By Bjarne S. Jensen
Dynamic Extensions of the Solow Growth Model (1956) : Editorial
German Economic Review (2009), Vol. 10 (4) : 378 - 383.
The state of affairs for growth models and economic dynamics was changed with the breakthrough by Solow (1956) : A Contribution to Theory of Economic Growth. The crucial innovation was the introduction of smooth production functions (linking factor inputs and output) that together with various saving functions provided the differential equations of capital accumulation. The economic and dynamic complexities in solving the original Solow growth model, various augmented (several factors or exhaustible natural resources) Solow growth models and optimal growth models with intertemporal saving functions are demonstrated in this special GER issue.
A stochastic growth model, with aggregate productivity shocks as the source of uncertainty, in an endogenous growth model with human capital externalities is analyzed. Labor income risk are shown to increae optimal savings and growth due to induced precautionary savings. Stochastic dynamics serve here as a powerful framework, enabling the economic analysis of realistic and complicated hypotheses.
By Oliver Budzinski
Merger Simulation in Competition Policy, forthcoming in: Journal of Competition Law & Economics
Oliver Budzinski, together with Isabel Ruhmer from Mannheim University (Germany), analysed the application of merger simulation models as a tool to evaluate proposed mergers. Merger simulations predict the effects of a proposed merger between firms by designing a model that mirrors the affected market as close as possible. The model is calibrated with real market data and predictions of post-merger prices, quantities, quality changes, etc. are derived. Thus, merger simulations represent a powerful economic tool to evaluate the welfare effects from a proposed merger. In doing so, they assist competition authorities in their decision to allow or block the merger proposal. Looking into the use of merger simulation models in competition policy, however, we identify several caveats that limit the current usefulness and workability of this tool.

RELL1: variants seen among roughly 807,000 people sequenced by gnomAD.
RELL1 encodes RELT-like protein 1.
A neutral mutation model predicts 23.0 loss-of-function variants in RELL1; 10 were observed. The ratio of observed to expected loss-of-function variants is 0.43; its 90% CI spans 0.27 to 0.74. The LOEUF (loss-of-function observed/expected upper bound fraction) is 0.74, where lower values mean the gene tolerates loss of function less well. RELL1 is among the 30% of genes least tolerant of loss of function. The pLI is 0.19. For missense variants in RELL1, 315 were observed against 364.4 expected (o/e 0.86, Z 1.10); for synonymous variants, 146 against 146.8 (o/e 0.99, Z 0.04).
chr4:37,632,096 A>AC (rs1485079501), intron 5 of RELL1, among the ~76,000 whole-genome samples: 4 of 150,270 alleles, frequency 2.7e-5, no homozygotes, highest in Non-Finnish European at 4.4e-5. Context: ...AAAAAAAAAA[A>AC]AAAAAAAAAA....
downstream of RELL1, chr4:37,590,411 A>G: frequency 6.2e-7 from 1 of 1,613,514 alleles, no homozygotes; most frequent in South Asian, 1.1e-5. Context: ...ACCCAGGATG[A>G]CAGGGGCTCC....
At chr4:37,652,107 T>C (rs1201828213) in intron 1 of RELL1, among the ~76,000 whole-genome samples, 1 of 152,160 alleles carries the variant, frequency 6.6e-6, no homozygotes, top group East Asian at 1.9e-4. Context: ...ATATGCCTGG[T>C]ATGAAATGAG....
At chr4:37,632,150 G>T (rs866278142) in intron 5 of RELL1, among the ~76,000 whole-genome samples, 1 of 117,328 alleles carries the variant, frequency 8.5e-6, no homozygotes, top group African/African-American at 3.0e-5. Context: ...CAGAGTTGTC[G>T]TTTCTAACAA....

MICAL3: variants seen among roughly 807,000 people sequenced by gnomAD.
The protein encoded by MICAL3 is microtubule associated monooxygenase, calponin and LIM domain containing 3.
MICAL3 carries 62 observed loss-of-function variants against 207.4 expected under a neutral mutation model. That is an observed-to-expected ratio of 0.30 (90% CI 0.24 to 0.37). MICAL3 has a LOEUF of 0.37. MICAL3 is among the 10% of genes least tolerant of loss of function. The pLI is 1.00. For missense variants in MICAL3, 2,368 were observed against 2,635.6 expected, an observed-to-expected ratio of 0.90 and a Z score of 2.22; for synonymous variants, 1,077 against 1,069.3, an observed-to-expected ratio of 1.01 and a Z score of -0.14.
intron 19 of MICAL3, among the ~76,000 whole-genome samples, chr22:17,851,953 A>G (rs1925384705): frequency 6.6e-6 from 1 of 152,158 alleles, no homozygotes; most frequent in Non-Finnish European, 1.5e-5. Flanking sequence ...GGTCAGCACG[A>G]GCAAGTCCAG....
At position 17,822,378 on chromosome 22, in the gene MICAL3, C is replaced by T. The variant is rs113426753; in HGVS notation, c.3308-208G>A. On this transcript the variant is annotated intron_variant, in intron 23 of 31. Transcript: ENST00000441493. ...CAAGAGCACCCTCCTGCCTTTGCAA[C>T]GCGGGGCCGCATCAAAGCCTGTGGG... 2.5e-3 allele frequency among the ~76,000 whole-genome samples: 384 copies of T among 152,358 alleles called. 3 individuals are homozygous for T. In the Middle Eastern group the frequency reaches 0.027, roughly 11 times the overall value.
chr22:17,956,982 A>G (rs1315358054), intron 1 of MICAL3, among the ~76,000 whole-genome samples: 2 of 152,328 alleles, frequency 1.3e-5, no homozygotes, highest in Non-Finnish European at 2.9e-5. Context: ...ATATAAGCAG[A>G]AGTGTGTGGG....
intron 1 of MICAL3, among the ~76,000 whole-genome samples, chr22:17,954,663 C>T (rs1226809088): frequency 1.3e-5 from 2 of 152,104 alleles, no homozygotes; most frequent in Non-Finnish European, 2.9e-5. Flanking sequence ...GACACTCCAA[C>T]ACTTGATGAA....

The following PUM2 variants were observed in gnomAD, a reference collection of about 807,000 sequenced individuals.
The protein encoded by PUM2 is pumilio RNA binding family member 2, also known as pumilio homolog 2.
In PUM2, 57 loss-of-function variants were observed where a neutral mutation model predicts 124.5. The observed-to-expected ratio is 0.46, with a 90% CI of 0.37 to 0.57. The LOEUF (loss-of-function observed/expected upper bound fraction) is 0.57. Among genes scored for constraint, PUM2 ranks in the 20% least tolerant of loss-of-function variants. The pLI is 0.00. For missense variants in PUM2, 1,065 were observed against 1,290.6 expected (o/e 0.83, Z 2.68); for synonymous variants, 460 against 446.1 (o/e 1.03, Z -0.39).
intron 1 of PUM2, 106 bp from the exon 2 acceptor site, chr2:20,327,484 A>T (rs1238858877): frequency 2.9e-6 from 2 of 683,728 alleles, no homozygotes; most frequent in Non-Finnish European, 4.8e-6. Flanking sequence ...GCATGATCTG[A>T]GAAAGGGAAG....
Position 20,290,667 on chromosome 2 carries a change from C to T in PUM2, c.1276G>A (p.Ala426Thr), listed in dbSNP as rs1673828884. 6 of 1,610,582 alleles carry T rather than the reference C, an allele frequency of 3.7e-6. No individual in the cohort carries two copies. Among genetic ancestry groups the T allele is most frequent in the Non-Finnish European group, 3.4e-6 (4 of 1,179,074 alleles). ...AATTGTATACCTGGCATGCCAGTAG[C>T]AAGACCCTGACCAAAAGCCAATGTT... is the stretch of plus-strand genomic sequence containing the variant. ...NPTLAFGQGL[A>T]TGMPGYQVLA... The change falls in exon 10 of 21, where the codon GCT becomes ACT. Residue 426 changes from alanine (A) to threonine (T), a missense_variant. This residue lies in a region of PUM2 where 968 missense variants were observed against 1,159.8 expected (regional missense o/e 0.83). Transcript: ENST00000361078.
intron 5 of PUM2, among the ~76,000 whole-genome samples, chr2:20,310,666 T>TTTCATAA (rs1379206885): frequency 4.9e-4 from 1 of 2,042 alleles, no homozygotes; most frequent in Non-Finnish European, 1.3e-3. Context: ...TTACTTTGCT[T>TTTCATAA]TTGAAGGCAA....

By Lone Grønbæk Kronbak:
RANDOM PENALTIES AND RENEWABLE RESOURCES: A MECHANISM TO REACH OPTIMAL LANDINGS IN FISHERIES
As a spin off from the EU-funded project COBECOS (FP6), designed to deal with the costs and benefits of control strategies, Lone Grønbæk Kronbak, together with Frank Jensen, Copenhagen University (Denmark) wrote a technical modelling paper about how to design a mechanism to achieve optimal landings in fisheries. The paper deals with illegal landings as a moral hazard problem that arises because individual landings are unobservable. To overcome this problem a random penalty mechanism that reduces the information requirements, is designed. The mechanism is designed such that it secures budget balance in the case of a given number of licensed vessels. Provided risk aversion is sufficiently large and the fine is high enough, the random penalty mechanism will generate optimal individual landings. The budget balance combined with risk aversion drives the result for this advanced tax/subsidy system that does not exhaust the resource rents.
Jensen, F. & L.G. Kronbak. 2009. Random Penalties and Renewable Resources – A Mechanism to Reach Optimal Landings in Fisheries. Natural Resource Modeling. vol. 22, issue 3, pp. 393-414.